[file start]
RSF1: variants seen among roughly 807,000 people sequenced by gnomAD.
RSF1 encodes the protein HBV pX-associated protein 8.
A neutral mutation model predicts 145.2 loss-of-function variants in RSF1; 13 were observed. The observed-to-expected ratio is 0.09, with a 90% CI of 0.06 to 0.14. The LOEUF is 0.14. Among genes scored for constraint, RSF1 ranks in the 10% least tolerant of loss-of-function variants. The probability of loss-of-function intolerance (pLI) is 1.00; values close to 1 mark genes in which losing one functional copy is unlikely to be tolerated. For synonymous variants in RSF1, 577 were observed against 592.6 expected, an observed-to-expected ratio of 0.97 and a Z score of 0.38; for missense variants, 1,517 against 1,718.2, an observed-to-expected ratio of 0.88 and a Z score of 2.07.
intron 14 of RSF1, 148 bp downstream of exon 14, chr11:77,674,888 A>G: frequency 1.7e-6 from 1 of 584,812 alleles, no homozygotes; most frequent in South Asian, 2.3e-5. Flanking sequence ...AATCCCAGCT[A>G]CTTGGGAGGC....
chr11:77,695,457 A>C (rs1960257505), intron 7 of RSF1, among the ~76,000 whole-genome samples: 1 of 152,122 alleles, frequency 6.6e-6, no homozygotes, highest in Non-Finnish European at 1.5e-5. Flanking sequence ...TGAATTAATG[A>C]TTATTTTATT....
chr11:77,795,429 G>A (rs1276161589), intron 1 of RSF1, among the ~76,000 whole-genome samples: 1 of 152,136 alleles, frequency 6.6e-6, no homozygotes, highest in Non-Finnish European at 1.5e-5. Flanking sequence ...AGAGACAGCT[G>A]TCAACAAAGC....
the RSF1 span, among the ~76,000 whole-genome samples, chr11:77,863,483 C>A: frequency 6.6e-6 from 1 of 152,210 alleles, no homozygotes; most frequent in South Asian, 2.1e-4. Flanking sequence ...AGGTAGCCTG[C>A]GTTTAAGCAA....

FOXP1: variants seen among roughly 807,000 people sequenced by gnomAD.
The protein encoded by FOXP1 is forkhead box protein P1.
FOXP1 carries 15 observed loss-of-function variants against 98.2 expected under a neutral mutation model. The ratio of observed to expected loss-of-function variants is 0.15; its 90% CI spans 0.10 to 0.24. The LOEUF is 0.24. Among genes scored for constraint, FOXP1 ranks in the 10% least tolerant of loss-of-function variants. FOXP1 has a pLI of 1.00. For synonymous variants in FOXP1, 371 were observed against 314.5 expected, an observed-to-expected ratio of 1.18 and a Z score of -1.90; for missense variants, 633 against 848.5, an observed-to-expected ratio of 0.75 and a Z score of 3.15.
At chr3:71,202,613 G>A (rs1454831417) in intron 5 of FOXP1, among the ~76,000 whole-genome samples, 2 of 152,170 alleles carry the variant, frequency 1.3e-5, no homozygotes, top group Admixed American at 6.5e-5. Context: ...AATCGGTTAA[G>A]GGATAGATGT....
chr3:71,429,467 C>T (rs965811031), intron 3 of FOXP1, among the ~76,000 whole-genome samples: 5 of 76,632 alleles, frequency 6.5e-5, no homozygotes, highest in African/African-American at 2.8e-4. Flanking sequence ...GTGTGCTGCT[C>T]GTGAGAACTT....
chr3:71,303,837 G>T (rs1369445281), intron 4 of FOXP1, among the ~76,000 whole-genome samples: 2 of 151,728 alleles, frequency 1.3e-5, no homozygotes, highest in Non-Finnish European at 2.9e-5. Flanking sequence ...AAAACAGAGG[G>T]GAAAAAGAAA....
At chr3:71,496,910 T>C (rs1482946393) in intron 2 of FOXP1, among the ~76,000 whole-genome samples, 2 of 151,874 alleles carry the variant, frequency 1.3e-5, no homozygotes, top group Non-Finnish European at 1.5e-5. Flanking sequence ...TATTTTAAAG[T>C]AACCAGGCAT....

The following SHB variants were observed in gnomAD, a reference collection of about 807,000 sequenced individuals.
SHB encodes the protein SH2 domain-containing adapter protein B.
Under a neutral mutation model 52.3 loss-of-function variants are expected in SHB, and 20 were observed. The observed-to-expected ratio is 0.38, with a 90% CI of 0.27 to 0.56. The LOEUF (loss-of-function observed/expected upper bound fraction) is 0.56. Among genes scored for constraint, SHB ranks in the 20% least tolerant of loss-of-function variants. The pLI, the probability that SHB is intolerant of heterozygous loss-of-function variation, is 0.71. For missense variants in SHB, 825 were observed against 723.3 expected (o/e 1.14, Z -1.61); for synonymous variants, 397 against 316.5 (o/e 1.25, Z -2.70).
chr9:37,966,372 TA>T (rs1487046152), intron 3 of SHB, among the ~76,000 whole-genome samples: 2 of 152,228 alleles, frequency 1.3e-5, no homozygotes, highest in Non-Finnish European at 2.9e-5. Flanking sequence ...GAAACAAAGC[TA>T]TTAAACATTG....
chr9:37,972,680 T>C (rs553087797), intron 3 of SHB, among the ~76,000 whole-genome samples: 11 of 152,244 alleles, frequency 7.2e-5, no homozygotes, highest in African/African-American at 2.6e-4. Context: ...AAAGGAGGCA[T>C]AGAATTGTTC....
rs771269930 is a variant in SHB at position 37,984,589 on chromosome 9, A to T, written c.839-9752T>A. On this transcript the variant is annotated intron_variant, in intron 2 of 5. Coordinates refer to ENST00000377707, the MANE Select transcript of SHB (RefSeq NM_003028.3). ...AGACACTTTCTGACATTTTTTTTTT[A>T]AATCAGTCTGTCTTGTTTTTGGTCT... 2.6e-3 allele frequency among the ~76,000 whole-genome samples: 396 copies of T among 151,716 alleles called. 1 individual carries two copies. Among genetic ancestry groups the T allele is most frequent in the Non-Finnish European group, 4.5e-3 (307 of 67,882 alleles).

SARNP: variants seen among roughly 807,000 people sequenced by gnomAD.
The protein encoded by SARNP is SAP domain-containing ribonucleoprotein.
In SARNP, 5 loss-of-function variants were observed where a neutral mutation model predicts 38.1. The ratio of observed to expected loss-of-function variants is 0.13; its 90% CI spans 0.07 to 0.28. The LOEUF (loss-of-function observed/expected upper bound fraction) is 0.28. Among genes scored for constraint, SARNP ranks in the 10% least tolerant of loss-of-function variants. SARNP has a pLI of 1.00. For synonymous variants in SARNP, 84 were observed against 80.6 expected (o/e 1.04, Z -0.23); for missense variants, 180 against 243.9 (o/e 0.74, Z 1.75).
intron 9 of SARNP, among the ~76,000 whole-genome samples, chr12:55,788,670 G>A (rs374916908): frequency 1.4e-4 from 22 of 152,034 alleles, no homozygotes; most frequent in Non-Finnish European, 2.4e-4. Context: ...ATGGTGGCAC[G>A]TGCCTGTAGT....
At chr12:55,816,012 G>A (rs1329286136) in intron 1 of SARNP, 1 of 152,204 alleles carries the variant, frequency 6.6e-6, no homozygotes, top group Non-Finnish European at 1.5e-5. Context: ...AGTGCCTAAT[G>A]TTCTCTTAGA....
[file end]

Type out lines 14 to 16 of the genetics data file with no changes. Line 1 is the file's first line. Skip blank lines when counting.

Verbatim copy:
At chr3:71,496,910 T>C (rs1482946393) in intron 2 of FOXP1, among the ~76,000 whole-genome samples, 2 of 151,874 alleles carry the variant, frequency 1.3e-5, no homozygotes, top group Non-Finnish European at 1.5e-5. Flanking sequence ...TATTTTAAAG[T>C]AACCAGGCAT....

The following SHB variants were observed in gnomAD, a reference collection of about 807,000 sequenced individuals.
SHB encodes the protein SH2 domain-containing adapter protein B.